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Citizens for Responsibility and Ethics in Washington et al. v. FEC

CREW is seeking en banc review of D.C. circuit precedent that has precluded judicial review in many cases where the FEC has failed to enforce campaign finance laws. The Brennan Center filed a brief in support of en banc review to provide additional context regarding the FEC’s failure to enforce the law.

Last Updated: June 30, 2021
Published: June 30, 2021

Summary

Citizens for Respons­ib­il­ity and Ethics in Wash­ing­ton (CREW) and it’s Pres­id­ent, Noah Book­binder, are seek­ing en banc review of a decision by the U.S. Court of Appeals for the District of Columbia Circuit that bars courts from review­ing dead­locked enforce­ment decisions by the Federal Elec­tion Commis­sion if the bloc of commis­sion­ers who preven­ted enforce­ment cited “prosec­utorial discre­tion” anywhere in their reas­on­ing. The Bren­nan Center filed an amicus brief with co-coun­sel Debevoise & Plimp­ton, LLP urging the court to take the case en banc, arguing that the D.C. Circuit panel’s decision has exacer­bated the already signi­fic­ant dysfunc­tion of the Federal Elec­tion Commis­sion.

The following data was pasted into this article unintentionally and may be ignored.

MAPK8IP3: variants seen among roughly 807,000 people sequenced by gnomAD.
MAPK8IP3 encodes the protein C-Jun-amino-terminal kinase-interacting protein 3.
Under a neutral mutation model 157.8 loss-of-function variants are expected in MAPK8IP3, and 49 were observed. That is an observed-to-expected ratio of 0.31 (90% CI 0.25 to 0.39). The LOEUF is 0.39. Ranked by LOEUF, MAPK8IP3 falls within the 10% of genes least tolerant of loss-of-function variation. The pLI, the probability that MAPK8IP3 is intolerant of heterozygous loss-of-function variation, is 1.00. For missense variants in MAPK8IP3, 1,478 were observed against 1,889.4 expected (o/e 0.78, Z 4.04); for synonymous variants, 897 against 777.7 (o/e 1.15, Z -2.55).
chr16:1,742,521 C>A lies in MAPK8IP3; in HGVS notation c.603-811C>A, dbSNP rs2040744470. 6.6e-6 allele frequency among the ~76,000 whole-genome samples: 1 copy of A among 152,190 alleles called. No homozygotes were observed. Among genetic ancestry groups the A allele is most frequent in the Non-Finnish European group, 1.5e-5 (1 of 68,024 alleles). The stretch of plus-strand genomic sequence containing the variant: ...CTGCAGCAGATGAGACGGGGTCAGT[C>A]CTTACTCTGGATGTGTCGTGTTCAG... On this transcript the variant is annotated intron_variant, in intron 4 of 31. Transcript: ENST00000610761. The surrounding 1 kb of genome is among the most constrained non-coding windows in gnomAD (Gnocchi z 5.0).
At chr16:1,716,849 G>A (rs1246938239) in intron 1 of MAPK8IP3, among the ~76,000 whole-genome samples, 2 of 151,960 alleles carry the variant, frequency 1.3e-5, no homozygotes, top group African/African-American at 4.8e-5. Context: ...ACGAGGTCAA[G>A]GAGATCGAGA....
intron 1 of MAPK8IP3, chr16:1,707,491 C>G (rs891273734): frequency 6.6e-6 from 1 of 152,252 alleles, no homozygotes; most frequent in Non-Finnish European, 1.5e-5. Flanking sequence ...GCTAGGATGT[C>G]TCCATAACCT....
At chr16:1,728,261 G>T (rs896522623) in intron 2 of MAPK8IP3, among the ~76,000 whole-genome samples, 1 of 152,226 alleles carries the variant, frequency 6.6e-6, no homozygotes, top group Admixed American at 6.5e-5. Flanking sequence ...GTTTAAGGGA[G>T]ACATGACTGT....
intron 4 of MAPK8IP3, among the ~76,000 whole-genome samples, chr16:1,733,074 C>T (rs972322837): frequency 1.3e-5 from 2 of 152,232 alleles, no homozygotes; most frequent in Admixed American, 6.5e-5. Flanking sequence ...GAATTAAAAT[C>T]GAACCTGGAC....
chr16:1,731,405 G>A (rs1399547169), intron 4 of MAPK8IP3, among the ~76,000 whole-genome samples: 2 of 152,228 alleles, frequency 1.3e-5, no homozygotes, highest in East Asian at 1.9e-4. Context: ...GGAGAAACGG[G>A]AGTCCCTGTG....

Case Background

Over the last decade, as Repub­lican and Demo­cratic lead­ers have become more polar­ized on campaign finance and other elec­tion law issues, the evenly divided Federal Elec­tion Commis­sion has dead­locked on whether to even invest­ig­ate most signi­fic­ant enforce­ment cases. Recent D.C. Circuit preced­ents preclud­ing judi­cial review in many of these cases have exacer­bated the prob­lems asso­ci­ated with non-enforce­ment of campaign finance laws.

CREW filed an admin­is­trat­ive complaint with the FEC against New Models, a now defunct nonprofit that funneled money to Super PACs during the 2012 elec­tion, arguing that based on its spend­ing New Models should have registered as a polit­ical commit­tee with the FEC, which would have required it to disclose its donors. The FEC dead­locked 2–2 on whether to open an invest­ig­a­tion, primar­ily based on commis­sion­ers’ differ­ing legal views. But the Repub­lican commis­sion­ers who blocked enforce­ment also included a brief foot­note invok­ing their “prosec­utorial discre­tion”—i.e. the tradi­tional leeway exec­ut­ive agen­cies receive in decid­ing which legal viol­a­tions to pursue. After CREW sued the FEC for its fail­ure to enforce the law, both the trial court and the D.C. Circuit ruled that this brief allu­sion to prosec­utorial discre­tion precluded the court from review­ing the FEC’s decision. CREW has now filed a peti­tion for an en banc rehear­ing in the D.C. Circuit Court of Appeals.

The Bren­nan Center’s brief explains the import­ance of judi­cial review in ensur­ing the FEC carries out its enforce­ment duties as outlined in stat­ute, details the pervas­ive dysfunc­tion at the FEC, and lays out how the D.C. Circuit panel’s ruling exacer­bates the Commis­sion’s prob­lems.